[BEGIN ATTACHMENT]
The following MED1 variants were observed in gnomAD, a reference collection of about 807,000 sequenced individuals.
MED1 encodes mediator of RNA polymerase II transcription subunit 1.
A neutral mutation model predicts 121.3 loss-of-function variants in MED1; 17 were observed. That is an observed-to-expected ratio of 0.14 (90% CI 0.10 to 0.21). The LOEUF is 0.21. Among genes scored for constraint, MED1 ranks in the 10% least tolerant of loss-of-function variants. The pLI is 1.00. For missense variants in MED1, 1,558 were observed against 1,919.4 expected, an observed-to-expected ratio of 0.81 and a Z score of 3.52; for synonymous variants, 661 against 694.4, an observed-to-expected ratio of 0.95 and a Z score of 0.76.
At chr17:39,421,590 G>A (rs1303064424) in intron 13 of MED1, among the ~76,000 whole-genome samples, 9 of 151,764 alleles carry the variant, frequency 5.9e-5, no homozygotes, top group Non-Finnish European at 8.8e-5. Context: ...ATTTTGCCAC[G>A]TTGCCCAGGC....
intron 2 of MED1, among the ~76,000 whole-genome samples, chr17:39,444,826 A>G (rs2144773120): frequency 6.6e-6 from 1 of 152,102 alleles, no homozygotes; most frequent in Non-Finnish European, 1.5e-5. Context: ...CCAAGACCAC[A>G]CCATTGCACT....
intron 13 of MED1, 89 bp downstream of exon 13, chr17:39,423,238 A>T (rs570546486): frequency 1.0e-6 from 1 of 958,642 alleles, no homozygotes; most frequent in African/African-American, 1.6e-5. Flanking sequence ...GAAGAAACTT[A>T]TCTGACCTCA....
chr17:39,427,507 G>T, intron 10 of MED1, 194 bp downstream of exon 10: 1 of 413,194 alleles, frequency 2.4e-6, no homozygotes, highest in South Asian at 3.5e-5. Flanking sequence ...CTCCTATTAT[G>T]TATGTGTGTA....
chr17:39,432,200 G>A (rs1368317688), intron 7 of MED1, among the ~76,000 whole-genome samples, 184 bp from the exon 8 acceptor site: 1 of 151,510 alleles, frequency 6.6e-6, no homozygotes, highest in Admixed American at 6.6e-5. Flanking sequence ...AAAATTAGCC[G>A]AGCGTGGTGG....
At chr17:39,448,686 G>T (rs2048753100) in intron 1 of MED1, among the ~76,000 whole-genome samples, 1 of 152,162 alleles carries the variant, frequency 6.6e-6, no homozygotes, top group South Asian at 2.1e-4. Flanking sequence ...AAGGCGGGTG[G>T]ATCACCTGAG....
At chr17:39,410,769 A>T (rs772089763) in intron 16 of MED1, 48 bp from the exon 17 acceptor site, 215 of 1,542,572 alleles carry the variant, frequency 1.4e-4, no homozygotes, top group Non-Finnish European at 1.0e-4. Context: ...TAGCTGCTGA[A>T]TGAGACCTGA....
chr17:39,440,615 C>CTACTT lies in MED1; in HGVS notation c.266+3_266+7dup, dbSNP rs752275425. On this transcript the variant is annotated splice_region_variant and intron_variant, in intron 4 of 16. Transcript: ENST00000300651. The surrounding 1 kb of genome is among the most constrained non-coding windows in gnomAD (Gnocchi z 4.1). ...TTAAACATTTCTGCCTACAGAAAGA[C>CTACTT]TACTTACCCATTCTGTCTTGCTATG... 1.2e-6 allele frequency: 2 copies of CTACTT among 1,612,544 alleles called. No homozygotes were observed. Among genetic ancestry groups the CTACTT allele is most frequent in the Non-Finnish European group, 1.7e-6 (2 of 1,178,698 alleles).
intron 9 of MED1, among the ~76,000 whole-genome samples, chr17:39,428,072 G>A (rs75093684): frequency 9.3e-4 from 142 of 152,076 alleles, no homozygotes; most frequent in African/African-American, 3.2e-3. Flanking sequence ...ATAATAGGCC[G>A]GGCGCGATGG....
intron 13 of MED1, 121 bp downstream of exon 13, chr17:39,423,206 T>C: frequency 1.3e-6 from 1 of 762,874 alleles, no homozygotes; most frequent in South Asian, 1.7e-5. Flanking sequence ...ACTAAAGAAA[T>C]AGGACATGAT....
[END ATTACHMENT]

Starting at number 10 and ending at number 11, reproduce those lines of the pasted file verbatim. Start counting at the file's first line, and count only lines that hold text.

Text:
At chr17:39,410,769 A>T (rs772089763) in intron 16 of MED1, 48 bp from the exon 17 acceptor site, 215 of 1,542,572 alleles carry the variant, frequency 1.4e-4, no homozygotes, top group Non-Finnish European at 1.0e-4. Context: ...TAGCTGCTGA[A>T]TGAGACCTGA....
chr17:39,440,615 C>CTACTT lies in MED1; in HGVS notation c.266+3_266+7dup, dbSNP rs752275425. On this transcript the variant is annotated splice_region_variant and intron_variant, in intron 4 of 16. Transcript: ENST00000300651. The surrounding 1 kb of genome is among the most constrained non-coding windows in gnomAD (Gnocchi z 4.1). ...TTAAACATTTCTGCCTACAGAAAGA[C>CTACTT]TACTTACCCATTCTGTCTTGCTATG... 1.2e-6 allele frequency: 2 copies of CTACTT among 1,612,544 alleles called. No homozygotes were observed. Among genetic ancestry groups the CTACTT allele is most frequent in the Non-Finnish European group, 1.7e-6 (2 of 1,178,698 alleles).